In the Breakout rooms, event attendees were task with discussing their own approaches to talking and listening and how they would deal with sensitive topics or potentially unsayable stories. Trust and time with young people were communicated as key elements of this process with Youth Workers in a beneficial position as Researchers. The spatial, contextual and cultural aspects of how and when to discuss were also noted.
Key challenges identified included listening to the answers that we don’t want and deciding
how much of ourselves we share. In relation to the group discussion method shared by Professor Alistair Ross, participants discussed how ‘framed responses’ may position young people in particular categories and how research may not ‘respect’ young people. An important consideration raised by one attendee was the question that a young person might raise about ‘how does writing up research help me?’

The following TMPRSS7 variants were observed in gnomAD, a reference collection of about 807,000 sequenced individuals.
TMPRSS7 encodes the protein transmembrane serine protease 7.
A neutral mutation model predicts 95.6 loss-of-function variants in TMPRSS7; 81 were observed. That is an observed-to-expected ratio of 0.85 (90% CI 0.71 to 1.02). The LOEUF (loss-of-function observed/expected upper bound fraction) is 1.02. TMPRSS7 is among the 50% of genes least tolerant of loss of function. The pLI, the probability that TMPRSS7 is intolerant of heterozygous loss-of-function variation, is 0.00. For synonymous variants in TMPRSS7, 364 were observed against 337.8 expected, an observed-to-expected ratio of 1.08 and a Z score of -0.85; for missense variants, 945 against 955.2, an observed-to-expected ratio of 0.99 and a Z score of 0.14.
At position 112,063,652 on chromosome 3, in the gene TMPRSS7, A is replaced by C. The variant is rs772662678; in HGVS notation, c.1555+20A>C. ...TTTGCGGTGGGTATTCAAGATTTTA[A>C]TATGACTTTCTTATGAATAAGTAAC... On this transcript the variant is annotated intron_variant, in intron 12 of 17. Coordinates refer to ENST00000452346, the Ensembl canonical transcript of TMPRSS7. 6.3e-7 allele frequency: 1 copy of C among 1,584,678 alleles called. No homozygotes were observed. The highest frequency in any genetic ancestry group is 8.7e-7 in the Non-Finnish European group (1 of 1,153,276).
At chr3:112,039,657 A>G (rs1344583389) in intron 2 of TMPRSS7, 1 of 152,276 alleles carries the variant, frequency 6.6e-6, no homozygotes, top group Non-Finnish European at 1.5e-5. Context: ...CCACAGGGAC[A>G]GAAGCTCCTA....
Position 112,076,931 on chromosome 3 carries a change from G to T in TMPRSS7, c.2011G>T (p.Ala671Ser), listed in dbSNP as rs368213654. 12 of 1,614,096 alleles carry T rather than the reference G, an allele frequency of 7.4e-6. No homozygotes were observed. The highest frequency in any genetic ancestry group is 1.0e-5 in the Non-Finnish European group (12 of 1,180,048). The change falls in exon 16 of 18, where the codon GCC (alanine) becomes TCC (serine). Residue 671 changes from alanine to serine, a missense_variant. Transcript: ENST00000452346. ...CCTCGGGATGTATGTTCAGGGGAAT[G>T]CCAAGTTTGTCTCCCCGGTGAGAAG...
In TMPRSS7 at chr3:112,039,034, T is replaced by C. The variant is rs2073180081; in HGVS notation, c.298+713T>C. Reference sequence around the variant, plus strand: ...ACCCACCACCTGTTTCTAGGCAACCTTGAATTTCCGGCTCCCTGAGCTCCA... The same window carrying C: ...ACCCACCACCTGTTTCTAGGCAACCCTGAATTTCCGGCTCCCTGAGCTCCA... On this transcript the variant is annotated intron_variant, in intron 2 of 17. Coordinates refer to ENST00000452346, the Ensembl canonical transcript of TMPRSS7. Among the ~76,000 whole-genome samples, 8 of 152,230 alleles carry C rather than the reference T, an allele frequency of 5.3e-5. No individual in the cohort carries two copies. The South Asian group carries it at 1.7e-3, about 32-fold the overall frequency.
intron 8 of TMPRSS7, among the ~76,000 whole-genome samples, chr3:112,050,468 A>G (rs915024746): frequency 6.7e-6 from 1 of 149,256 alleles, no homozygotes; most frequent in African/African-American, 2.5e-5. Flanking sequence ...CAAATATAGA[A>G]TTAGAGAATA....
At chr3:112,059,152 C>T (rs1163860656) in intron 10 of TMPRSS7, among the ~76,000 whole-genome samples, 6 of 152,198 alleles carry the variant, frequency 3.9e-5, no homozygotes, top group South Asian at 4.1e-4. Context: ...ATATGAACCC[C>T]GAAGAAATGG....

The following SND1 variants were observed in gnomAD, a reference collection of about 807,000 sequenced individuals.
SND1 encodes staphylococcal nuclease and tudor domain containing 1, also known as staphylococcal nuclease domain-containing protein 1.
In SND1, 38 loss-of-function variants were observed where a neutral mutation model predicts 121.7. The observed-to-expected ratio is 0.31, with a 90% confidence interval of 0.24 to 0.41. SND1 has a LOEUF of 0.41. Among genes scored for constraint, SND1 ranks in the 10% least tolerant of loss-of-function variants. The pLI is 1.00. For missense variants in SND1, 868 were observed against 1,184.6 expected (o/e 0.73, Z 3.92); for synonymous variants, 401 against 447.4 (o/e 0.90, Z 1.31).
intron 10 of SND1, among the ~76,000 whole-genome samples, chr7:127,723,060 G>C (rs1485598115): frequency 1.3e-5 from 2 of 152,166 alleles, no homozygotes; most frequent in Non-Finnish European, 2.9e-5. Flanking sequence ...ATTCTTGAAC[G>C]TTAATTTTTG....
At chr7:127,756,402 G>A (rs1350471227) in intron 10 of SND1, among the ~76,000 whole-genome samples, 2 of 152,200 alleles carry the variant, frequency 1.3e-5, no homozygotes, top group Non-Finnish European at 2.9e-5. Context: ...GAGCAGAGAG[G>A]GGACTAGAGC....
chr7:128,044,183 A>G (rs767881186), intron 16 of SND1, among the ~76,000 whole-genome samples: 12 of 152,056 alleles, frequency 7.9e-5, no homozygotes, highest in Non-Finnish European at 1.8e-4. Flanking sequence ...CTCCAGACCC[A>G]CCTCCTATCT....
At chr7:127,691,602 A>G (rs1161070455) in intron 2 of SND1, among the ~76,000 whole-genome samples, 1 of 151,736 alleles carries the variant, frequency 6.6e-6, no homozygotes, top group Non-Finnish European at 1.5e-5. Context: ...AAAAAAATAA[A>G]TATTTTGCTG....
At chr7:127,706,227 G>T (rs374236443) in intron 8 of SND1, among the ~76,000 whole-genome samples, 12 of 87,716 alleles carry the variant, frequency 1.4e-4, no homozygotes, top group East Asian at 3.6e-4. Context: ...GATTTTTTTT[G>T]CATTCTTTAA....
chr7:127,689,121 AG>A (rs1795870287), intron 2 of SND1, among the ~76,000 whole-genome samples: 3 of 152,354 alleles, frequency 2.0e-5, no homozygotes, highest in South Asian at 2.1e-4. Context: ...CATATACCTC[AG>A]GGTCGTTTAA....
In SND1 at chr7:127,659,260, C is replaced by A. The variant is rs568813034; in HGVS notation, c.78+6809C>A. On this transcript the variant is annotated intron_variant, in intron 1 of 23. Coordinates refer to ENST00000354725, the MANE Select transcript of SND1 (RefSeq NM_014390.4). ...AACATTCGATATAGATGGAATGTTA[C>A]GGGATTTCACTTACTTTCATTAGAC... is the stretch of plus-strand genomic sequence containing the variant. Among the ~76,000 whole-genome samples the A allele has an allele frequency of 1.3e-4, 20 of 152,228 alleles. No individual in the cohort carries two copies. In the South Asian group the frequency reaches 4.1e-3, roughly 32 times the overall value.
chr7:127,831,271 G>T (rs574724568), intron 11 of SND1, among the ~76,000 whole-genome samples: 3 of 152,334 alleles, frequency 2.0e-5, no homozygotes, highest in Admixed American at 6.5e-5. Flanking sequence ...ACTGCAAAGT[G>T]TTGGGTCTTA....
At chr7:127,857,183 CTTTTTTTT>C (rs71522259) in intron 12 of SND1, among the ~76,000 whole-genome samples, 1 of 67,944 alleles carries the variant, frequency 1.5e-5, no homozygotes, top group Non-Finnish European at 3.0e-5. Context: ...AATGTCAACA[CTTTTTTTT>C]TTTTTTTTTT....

Finally, when pondering the question: how much do we ‘really’ listen?, attendees signposted areas of good practice. These included not introducing ‘leading terms’, using a narrative-generating stimuli as part of open interviews and the co-creation and co-design of research with young people.